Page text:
December 13, 2017

The State of $100

How much is $100 worth in the state you call home?
By Greg Kelly
When I was a young guy, $20 could last me a whole weekend. My how times have changed. Even in this day and age of low inflation (less than 2 percent annually), $20 can go really fast. Poof, it’s gone! The new cash yardstick for assessing your spending is $100.

While $100 is a paper bill denomination that has still some impact (cash with cache), where you live can a be a big factor in its true purchasing value and thus on your personal pocketbook, according to a recent report by The Tax Foundation, the nation’s leading independent tax policy nonprofit organization.

The range of how far a “C-note” can go is pretty significant. The gap between the state where $100 buys the most (Mississippi) and the state where it buys the least (Hawaii) is about $32. So, are residents of the Magnolia State over 30 percent richer than those of the Aloha State? It seems that way.

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“Regional price differences are strikingly large; real purchasing power is 36 percent greater in Mississippi than it is in the District of Columbia,” according to Amir El-Sibaie, a staff analyst for The Tax Foundation. “In other words, by this measure, if you have $50,000 in after-tax income in Mississippi, you would need after-tax earnings of $68,000 in the District of Columbia just to afford the same overall standard of living.”

In general, El-Sibaie explains, “states with higher nominal incomes also have higher price levels. This is because in places with higher incomes, the prices of finite resources like land get bid up. This is especially true in cities.”

The $100 mark is a useful and understandable multiplier for veterinarians. According to a recent report from PetPlan, the average annual bill for unexpected veterinary care is now about $1200, or $100 per month.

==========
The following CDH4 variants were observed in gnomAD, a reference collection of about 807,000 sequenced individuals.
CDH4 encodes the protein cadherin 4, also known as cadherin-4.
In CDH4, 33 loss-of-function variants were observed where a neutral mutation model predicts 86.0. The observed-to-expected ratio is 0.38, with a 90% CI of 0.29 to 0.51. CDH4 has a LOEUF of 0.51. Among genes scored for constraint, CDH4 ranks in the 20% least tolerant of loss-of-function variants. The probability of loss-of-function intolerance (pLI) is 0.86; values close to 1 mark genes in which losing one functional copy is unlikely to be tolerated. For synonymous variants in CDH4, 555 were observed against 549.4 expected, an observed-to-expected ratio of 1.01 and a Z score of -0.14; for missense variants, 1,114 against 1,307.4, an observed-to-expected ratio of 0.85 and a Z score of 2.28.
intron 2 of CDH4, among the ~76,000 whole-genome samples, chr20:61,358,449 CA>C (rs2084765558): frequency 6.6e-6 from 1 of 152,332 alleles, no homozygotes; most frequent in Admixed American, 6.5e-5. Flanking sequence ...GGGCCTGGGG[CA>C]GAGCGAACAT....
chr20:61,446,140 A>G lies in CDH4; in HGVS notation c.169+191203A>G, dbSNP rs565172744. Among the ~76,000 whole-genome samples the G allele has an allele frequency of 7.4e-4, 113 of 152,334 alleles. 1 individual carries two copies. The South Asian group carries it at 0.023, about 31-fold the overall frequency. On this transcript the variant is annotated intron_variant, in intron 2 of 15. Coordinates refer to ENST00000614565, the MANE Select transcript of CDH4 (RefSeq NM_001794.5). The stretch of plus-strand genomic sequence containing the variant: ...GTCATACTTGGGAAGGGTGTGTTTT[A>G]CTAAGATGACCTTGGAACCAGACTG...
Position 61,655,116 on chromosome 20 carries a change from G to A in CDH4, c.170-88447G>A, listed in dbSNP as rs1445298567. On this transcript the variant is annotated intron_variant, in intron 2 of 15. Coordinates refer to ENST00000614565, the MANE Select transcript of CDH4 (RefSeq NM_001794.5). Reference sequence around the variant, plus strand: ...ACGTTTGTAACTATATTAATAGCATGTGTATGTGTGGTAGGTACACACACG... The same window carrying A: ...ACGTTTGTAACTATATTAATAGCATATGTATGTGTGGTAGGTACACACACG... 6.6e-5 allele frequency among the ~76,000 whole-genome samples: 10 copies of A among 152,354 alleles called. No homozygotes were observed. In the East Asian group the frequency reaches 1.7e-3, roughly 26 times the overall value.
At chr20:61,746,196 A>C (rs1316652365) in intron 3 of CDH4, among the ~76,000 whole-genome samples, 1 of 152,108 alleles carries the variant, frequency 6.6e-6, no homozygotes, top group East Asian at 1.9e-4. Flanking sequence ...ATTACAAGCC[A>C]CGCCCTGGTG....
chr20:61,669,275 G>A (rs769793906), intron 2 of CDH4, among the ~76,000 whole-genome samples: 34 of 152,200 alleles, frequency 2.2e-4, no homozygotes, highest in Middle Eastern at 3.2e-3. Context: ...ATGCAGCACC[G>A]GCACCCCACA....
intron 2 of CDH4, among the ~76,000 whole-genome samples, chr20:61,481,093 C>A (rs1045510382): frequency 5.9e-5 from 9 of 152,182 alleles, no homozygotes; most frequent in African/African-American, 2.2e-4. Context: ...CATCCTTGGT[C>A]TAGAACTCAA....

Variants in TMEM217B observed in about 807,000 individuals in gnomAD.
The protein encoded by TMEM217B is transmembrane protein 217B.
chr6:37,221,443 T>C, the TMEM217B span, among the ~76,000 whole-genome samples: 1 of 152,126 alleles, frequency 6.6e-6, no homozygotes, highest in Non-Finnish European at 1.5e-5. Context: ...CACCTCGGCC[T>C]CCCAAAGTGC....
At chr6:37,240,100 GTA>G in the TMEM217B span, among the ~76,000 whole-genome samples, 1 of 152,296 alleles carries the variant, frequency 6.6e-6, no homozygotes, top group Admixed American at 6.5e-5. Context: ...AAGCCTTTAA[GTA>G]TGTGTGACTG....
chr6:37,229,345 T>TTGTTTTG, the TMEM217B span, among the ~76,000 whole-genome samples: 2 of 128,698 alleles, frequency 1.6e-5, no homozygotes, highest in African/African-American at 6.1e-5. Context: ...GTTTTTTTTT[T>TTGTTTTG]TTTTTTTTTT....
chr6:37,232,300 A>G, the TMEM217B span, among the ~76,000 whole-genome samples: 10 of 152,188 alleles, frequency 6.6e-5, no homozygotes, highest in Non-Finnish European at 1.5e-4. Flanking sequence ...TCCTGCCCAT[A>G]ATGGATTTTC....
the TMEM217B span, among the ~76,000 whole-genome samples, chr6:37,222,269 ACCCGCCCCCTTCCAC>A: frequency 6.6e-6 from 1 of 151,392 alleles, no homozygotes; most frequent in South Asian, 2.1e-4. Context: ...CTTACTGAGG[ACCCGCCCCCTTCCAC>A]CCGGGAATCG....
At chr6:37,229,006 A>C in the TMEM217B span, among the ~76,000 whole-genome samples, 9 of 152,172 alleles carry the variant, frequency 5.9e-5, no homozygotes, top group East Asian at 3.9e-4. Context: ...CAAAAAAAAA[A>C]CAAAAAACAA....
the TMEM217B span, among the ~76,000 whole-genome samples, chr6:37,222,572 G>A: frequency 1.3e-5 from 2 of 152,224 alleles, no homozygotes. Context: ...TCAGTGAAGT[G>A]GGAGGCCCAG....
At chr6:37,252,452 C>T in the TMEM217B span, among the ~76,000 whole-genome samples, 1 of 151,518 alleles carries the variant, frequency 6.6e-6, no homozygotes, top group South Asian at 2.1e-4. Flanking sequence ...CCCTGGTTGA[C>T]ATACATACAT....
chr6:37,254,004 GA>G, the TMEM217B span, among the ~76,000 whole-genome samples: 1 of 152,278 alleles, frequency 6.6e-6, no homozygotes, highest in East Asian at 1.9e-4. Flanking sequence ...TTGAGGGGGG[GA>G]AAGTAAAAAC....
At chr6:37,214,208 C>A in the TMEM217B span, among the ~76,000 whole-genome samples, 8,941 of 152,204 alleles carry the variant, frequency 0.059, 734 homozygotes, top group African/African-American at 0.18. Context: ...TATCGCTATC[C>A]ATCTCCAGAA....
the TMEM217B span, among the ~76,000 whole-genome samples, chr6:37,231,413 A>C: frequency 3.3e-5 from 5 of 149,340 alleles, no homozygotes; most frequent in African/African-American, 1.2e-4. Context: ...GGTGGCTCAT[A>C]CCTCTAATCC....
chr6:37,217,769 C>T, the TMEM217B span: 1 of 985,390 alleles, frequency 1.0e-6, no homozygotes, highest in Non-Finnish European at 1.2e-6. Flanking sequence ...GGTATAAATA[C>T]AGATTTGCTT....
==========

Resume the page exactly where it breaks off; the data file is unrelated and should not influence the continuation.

The states where $100 buys the most:
1. Mississippi ($116.01)
2. Alabama ($115.21)
3. Arkansas ($114.42)
4. South Dakota ($113.38)
5. Kentucky ($112.87)
6. West Virginia ($112.49)
7. Ohio ($112.11)
8. Missouri ($111.98)
9. Tennessee ($111.23)
10. Oklahoma ($111.23)

The states where $100 buys the least:
51. Hawaii ($84.18)
50. District of Columbia ($85.47)
49. New York ($86.73)
48. New Jersey ($88.18)
47. California ($88.18)
46. Maryland ($91.24)
45. Connecticut ($92.00)
44. Massachusetts ($93.55)
43. Alaska ($94.70)
42. New Hampshire ($95.24)

As far as the purchasing power of $100 in metropolitan areas, the worst was Honolulu, Hawaii ($80.32) and the best was Beckley, West Virginia ($125.47.)

This report might even serve as a guide for hard-working but struggling veterinarians seeking to get ahead. According to the National Institute of Food and Agriculture, the nation’s rural areas are suffering from a lack of veterinarians. Since the states with the best $100 buying power generally fall into the “rural” category, it seems that veterinarians willing to relocate can find more bang for their hundred bucks.

 
Greg Kelly is a long-time health care writer and editor. He has written for the Physician’s Money DigestTMDentist’s Money DigestTM, and Veterinarian’s Money Digest® websites. He lives at the Jersey Shore and welcomes comments at gregkelly@monmouthbeachlife.com.

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